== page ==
Then little Silver-hair sate down in the chair of the Great, Huge Bear, and that was too hard for her. And then she sate down in the chair of the Middle Bear, and that was too soft for her. And then she sate down in the chair of the Little, Small, Wee Bear, and that was neither too hard nor too soft,, but just right. So she seated herself in it, and there she sate till the bottom of the chair came out, and down came her's, plump upon the ground.

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Then little Silver-hair went up stairs into the bed-chamber in which the three Bears slept. And first she laid down upon the bed of the Great, Huge Bear; but that was too high at the head for her. And next she lay down upon the bed of the Middle Bear; and that was too high at the foot for her. And then she lay down upon the bed of the Little, Small, Wee Bear; and that was neither too high at the head nor at the foot, but just right. So she covered herself up comfortably, and lay there till she fell fast asleep.

By this time the Three Bears thought their porridge would be cool enough; so they came home to breakfast. Now little Silver-hair had left the spoon of the Great, Huge Bear, standing in his porridge.

"Somebody has been at my porridge!"

said the Great, Huge Bear, in his great, rough,
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gruff voice. And when the Middle Bear looked at his, he saw that the spoon was standing in it too.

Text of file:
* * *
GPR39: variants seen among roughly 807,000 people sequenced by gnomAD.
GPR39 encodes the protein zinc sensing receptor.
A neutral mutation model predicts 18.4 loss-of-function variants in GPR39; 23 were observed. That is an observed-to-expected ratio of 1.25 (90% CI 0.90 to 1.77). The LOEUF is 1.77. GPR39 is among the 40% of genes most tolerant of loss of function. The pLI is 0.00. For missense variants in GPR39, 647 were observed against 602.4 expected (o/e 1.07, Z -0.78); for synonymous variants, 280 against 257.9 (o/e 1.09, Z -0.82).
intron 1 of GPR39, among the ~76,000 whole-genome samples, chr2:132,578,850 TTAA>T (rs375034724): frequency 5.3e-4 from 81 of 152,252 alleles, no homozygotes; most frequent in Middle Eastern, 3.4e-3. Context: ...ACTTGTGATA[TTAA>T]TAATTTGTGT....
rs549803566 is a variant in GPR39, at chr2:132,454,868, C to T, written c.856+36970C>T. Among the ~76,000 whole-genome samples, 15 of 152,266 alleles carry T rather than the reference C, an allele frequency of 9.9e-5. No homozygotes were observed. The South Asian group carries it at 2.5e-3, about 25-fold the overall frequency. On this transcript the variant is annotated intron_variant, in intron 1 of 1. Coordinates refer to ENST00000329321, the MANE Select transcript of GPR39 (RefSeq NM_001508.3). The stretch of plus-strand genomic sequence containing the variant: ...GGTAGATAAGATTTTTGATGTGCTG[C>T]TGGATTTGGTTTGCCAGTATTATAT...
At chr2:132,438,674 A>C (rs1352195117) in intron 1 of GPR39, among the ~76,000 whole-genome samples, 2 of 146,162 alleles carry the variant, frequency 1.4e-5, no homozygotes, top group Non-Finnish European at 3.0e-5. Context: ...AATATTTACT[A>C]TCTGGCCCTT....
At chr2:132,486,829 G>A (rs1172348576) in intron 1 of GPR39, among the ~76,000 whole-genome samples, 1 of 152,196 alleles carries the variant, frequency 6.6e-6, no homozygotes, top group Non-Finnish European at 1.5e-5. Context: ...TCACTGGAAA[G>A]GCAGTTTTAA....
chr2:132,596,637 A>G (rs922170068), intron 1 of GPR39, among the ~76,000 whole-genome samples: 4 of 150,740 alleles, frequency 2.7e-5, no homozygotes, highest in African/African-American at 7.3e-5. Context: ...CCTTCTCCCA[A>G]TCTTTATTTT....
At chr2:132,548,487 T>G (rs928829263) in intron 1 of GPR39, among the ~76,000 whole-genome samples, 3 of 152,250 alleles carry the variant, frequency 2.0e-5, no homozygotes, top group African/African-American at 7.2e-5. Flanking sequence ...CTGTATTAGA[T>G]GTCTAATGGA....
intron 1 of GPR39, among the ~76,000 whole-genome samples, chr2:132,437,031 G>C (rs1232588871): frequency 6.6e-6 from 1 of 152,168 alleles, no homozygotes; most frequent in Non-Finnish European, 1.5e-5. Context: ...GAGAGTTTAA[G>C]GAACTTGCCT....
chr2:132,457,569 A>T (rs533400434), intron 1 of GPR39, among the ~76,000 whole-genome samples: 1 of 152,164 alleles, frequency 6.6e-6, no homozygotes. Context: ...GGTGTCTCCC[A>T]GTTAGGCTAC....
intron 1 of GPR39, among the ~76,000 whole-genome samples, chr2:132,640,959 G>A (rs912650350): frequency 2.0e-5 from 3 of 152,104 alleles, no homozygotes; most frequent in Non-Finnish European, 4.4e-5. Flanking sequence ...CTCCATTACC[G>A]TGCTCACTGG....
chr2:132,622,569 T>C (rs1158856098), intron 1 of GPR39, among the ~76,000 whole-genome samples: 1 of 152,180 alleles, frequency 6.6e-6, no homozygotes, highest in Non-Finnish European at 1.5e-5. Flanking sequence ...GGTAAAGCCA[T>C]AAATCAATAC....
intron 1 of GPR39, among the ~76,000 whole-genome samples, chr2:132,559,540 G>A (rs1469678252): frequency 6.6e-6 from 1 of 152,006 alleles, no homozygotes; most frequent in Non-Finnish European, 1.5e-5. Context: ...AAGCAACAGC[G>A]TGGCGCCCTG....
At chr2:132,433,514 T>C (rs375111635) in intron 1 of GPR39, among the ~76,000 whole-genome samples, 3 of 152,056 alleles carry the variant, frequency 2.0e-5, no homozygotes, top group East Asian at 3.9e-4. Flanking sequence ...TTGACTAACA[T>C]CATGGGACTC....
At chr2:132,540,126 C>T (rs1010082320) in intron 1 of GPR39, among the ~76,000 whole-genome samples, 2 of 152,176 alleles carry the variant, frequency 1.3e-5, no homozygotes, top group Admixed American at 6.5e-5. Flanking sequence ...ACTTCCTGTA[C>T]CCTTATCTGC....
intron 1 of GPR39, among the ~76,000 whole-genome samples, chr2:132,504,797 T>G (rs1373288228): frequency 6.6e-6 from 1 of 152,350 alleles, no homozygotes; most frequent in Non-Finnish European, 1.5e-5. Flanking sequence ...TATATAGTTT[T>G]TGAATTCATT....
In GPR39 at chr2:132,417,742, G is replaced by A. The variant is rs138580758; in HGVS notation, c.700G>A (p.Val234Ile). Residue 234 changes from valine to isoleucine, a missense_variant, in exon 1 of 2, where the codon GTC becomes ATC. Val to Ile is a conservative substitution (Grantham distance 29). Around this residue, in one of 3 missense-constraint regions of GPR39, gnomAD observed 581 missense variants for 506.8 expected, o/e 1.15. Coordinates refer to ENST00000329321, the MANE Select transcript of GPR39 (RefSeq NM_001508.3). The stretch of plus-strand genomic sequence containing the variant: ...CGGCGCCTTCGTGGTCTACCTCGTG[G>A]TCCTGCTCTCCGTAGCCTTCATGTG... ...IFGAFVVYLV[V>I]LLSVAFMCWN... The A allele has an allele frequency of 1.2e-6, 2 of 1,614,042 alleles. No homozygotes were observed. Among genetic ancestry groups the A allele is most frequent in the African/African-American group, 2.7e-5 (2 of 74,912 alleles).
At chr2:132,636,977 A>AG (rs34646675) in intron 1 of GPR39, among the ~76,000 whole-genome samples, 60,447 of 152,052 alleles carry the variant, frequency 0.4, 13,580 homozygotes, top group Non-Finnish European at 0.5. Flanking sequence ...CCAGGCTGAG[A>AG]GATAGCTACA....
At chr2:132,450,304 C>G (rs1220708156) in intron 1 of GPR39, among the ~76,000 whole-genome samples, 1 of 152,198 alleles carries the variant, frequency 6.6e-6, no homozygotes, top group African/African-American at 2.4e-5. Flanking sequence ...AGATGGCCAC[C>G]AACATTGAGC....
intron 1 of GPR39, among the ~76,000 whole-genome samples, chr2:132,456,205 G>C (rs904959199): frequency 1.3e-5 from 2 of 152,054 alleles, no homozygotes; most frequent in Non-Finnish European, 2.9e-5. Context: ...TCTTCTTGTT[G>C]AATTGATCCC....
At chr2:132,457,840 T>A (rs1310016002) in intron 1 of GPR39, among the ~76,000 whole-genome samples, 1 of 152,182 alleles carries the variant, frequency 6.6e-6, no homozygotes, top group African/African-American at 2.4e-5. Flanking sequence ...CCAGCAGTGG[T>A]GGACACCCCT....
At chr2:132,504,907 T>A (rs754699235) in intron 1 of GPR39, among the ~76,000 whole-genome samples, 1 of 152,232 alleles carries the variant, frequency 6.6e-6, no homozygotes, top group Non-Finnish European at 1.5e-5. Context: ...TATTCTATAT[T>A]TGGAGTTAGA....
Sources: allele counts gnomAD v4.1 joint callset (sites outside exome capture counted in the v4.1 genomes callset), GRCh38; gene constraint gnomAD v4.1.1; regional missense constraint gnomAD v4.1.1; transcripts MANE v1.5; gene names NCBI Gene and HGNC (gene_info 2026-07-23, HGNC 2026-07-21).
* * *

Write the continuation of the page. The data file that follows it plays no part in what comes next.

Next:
"Somebody has been at my porridge!"

said the Middle Bear, in his middle voice.

Then the Little, Small, Wee Bear looked at his, and there was the spoon in the porridge-pot, but the porridge was all gone.

"Somebody has been at my porridge, and has eaten it all up!"

said the Little, Small, Wee Bear, in his little, small, wee voice.

Upon this the Three Bears, seeing that some one had entered their house, and eaten up the Little, Small, Wee Bear's breakfast, began to look about them. Now little Silver-hair had not put the hard cushion straight when she rose from the chair of the Great, Huge Bear.

"Somebody has been sitting in my chair!"

said the Great, Huge Bear, in his great, rough, gruff voice.
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And little Silver-hair had squatted down the soft cushion of the Middle Bear.